Last two weeks, at least five journalists from top media outlets reached out to Momentum Works asking if we knew some of the behind-the-scene stories, as they were developing investigative stories about OYO.
Some of the articles have been drawing parallels between OYO and ofo, which is undergoing a painful death now. This is not because of their similar names obviously.
The similarities, in summary, are:
- Fast fundraising – quick to penetrate into many cities;
- Super aggressive expansion – very KPI driven;
- Heavy on local operations;
- Became unmanageable with a lot of fake data/fraud on the ground
However, there are stark differences between the two:
- OYO is running on its own – it does not have any strong direct competition, unlike ofo, whose competition against MoBike dominated its days;
- Which means OYO has time if they wanted to, while ofo didn’t have a choice;
- OYO is a foreign company, inherently making its China journey difficult – you might want to recall the Groupon journey in China back in 2011;
- OYO has solid backing from Softbank, while ofo had conflicting strategic shareholders Alibaba & Didi, both holding veto rights;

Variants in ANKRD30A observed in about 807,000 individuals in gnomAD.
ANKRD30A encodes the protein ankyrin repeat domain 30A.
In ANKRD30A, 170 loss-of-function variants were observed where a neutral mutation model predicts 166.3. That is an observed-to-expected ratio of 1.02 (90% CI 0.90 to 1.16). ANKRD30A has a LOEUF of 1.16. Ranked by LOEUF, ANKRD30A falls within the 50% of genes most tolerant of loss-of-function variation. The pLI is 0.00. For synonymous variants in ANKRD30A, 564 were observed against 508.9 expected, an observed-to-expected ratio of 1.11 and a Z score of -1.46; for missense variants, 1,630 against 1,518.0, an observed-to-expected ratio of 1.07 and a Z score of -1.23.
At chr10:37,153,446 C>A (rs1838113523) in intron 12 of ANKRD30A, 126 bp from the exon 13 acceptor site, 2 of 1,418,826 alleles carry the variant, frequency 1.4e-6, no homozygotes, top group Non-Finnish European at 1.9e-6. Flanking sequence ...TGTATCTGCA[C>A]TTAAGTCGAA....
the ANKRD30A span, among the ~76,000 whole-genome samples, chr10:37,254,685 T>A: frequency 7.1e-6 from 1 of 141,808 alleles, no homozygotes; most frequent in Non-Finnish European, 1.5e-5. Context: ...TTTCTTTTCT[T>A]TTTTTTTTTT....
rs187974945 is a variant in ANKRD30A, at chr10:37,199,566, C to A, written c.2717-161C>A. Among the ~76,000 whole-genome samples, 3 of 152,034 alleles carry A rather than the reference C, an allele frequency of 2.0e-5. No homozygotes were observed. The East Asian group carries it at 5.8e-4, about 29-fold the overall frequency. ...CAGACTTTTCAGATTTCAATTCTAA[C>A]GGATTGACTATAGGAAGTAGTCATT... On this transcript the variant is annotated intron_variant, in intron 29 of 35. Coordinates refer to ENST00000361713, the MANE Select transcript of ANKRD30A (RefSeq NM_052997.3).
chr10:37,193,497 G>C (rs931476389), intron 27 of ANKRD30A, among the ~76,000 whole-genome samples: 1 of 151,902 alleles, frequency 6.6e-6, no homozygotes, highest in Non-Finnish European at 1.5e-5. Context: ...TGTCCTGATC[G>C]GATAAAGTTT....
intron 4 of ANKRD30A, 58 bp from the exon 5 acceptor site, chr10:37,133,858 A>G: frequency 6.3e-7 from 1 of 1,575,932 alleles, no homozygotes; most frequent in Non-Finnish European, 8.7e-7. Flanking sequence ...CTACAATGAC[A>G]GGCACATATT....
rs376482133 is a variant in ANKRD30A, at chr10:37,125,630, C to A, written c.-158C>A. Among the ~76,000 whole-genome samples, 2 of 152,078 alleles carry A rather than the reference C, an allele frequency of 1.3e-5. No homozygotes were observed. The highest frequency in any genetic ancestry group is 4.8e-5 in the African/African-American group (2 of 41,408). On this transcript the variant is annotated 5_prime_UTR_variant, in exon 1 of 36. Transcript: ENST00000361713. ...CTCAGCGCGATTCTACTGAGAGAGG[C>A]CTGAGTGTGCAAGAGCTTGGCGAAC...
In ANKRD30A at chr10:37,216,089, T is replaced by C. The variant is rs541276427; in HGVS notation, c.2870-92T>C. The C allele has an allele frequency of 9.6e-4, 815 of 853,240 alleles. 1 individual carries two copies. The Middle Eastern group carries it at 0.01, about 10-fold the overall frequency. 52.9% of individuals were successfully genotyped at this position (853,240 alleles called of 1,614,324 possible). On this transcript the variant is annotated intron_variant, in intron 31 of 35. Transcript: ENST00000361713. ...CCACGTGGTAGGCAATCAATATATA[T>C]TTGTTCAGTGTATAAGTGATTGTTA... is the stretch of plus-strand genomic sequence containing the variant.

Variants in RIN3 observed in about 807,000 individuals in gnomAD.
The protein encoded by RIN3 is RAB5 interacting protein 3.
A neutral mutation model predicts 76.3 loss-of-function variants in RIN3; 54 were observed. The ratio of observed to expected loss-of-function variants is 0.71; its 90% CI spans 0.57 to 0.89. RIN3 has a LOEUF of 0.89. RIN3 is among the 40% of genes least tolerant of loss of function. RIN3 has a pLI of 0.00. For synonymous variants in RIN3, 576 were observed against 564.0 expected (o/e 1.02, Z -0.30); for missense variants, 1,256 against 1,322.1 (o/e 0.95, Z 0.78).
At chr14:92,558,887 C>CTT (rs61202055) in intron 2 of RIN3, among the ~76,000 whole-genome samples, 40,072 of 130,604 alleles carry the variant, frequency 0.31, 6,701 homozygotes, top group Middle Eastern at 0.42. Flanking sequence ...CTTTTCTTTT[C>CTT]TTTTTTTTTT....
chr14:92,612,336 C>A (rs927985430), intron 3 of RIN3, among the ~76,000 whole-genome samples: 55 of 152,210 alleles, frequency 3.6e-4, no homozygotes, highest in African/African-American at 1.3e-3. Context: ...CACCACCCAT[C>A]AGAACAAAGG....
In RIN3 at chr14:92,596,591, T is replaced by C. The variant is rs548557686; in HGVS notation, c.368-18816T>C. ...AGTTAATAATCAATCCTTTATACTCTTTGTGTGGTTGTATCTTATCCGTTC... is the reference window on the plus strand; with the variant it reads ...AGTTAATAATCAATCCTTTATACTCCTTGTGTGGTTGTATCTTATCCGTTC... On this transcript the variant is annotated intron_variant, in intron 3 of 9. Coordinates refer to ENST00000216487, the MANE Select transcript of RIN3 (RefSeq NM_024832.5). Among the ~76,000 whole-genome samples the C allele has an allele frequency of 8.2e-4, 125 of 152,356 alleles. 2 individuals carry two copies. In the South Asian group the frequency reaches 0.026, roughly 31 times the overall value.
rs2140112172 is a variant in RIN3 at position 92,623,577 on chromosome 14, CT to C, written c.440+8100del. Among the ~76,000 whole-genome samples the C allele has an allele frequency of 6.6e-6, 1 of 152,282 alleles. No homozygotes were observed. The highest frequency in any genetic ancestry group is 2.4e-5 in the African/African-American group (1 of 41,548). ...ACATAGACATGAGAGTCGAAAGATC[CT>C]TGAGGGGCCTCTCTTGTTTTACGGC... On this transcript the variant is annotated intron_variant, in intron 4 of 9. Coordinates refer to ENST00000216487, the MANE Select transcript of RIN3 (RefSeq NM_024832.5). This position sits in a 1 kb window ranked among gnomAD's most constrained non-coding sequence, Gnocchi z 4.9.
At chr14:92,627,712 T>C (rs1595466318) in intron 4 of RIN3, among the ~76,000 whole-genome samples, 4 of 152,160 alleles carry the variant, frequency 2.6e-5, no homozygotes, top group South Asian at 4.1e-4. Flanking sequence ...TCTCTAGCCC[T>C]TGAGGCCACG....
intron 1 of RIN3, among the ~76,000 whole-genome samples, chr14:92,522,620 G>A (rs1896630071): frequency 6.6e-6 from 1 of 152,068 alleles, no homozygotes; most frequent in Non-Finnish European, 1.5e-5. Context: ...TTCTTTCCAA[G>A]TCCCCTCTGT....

- OYO is dealing with a very complicated landscape in hospitality in China, while ofo was much simpler in operations;
OYO tried to localise – not only by hiring a whole lineup of CXOs with excellent resumes, but also by adopting a Chinese name for its founder Ritesh Agarwal, a practice many Western bosses in China (and especially Hong Kong) endear.
Never mind that the Chinese name chosen, 李泰熙 (Li Taixi, in a way transliteration of Ritesh), actually sounds more Korean (이태희 or Lee Tae Hui) to average people in China.
Alas, successfully localisation goes much beyond the surface. It is giving the management on the ground enough trust and decision making power to respond to the market realities, fast.
In that way, the young OYO team still has much to learn. Just like many young Chinese internet giants still have tonnes to figure out when they venture out of China.